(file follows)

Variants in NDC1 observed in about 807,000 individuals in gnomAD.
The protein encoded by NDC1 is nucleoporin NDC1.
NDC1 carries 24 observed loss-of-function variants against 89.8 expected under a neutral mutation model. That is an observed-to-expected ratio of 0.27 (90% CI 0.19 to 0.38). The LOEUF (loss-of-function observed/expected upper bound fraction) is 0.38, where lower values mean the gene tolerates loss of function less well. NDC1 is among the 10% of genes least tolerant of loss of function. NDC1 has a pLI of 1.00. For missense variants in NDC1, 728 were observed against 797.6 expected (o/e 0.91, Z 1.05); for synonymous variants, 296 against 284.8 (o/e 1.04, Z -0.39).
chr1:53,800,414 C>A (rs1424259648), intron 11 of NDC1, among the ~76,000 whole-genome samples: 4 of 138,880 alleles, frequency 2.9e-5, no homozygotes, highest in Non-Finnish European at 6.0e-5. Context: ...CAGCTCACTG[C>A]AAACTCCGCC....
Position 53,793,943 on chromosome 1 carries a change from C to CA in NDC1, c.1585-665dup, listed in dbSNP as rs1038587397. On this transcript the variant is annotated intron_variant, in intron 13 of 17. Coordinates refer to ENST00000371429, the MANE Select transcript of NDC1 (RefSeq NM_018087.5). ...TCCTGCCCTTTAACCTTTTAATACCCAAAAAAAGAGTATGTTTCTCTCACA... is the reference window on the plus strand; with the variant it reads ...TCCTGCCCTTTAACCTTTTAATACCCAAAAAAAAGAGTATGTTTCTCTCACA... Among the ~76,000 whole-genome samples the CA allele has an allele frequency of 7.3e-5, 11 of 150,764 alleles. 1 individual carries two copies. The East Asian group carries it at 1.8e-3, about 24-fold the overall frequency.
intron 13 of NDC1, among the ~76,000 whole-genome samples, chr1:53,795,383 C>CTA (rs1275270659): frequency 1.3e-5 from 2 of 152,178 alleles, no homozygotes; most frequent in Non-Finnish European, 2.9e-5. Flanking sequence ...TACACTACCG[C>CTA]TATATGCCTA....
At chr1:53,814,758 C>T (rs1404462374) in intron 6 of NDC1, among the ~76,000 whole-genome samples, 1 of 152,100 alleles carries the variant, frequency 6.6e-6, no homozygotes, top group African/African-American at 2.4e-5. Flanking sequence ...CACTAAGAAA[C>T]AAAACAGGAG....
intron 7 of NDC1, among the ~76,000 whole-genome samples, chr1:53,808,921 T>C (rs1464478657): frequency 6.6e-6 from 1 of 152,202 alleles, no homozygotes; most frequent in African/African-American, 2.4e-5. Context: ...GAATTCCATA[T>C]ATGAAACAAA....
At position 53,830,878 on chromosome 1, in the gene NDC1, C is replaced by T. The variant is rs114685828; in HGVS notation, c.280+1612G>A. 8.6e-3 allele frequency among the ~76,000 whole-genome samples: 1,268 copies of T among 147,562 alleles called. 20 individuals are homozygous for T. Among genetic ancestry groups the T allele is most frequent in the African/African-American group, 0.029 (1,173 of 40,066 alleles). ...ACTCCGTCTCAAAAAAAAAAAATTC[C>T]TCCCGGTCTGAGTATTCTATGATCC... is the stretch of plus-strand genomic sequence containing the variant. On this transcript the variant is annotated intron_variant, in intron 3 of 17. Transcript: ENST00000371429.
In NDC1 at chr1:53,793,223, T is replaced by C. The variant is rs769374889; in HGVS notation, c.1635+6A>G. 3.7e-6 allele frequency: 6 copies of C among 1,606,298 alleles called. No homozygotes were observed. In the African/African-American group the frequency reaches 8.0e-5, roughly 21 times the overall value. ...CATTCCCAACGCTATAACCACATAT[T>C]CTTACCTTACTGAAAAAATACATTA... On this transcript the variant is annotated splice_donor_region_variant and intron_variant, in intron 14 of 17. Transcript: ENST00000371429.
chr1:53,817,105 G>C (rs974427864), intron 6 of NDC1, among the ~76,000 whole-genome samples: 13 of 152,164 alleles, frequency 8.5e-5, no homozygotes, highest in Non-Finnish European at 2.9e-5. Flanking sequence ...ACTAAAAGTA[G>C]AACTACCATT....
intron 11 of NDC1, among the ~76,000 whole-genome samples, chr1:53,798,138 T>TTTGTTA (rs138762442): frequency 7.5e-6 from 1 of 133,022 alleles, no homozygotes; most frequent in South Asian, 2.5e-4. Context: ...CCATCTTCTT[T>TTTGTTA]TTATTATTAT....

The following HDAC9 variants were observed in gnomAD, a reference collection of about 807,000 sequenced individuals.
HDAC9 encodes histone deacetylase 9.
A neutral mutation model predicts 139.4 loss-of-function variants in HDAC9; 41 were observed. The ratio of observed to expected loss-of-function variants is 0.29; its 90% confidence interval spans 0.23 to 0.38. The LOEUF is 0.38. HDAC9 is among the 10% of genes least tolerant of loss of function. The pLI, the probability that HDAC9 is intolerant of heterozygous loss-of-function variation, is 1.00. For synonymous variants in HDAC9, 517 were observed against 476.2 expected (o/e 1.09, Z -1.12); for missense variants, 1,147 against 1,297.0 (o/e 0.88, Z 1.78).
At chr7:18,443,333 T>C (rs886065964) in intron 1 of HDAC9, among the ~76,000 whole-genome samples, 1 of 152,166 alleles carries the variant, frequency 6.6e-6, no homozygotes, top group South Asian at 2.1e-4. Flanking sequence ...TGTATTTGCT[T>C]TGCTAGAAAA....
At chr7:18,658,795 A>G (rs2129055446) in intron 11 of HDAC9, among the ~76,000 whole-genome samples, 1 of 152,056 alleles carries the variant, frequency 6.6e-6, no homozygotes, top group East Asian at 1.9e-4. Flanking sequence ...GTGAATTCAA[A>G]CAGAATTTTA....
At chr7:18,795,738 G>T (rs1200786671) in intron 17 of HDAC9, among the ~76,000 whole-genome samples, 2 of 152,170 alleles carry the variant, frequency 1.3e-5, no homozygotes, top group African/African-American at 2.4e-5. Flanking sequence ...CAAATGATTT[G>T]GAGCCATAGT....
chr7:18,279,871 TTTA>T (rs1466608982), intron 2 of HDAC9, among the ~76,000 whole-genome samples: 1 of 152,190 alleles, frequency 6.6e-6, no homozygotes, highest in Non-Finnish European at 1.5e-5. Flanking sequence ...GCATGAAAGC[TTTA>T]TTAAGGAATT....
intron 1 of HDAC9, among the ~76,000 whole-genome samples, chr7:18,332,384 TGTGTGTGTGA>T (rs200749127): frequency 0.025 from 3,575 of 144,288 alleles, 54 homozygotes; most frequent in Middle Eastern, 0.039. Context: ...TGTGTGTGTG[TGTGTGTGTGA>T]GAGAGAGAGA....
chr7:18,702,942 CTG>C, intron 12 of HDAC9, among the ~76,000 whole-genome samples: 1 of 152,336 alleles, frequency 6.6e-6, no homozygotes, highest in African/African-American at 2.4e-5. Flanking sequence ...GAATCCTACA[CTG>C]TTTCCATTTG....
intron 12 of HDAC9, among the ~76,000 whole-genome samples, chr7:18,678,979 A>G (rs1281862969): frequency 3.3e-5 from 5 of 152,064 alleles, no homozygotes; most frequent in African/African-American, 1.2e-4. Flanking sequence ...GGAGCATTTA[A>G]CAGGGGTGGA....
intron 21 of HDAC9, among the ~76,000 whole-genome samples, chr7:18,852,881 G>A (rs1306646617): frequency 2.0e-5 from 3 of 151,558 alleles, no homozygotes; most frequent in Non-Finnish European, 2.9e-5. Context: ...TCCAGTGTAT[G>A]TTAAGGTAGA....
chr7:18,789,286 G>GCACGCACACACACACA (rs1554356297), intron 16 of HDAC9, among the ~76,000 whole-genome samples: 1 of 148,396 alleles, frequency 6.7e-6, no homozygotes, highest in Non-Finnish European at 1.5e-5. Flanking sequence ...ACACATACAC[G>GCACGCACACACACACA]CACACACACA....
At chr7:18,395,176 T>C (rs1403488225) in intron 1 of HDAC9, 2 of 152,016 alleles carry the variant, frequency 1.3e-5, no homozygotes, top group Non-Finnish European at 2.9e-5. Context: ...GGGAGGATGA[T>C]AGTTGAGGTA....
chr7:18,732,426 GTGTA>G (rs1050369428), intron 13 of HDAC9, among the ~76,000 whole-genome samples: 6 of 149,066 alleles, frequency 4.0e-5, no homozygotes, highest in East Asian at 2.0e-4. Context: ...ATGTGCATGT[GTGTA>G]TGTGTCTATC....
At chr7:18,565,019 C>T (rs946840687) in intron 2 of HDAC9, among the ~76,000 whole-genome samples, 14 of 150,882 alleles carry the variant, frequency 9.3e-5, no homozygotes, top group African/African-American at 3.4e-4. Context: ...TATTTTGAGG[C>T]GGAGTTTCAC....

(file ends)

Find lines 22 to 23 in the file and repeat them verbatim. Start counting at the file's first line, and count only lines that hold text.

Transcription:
intron 12 of HDAC9, among the ~76,000 whole-genome samples, chr7:18,678,979 A>G (rs1281862969): frequency 3.3e-5 from 5 of 152,064 alleles, no homozygotes; most frequent in African/African-American, 1.2e-4. Flanking sequence ...GGAGCATTTA[A>G]CAGGGGTGGA....
intron 21 of HDAC9, among the ~76,000 whole-genome samples, chr7:18,852,881 G>A (rs1306646617): frequency 2.0e-5 from 3 of 151,558 alleles, no homozygotes; most frequent in Non-Finnish European, 2.9e-5. Context: ...TCCAGTGTAT[G>A]TTAAGGTAGA....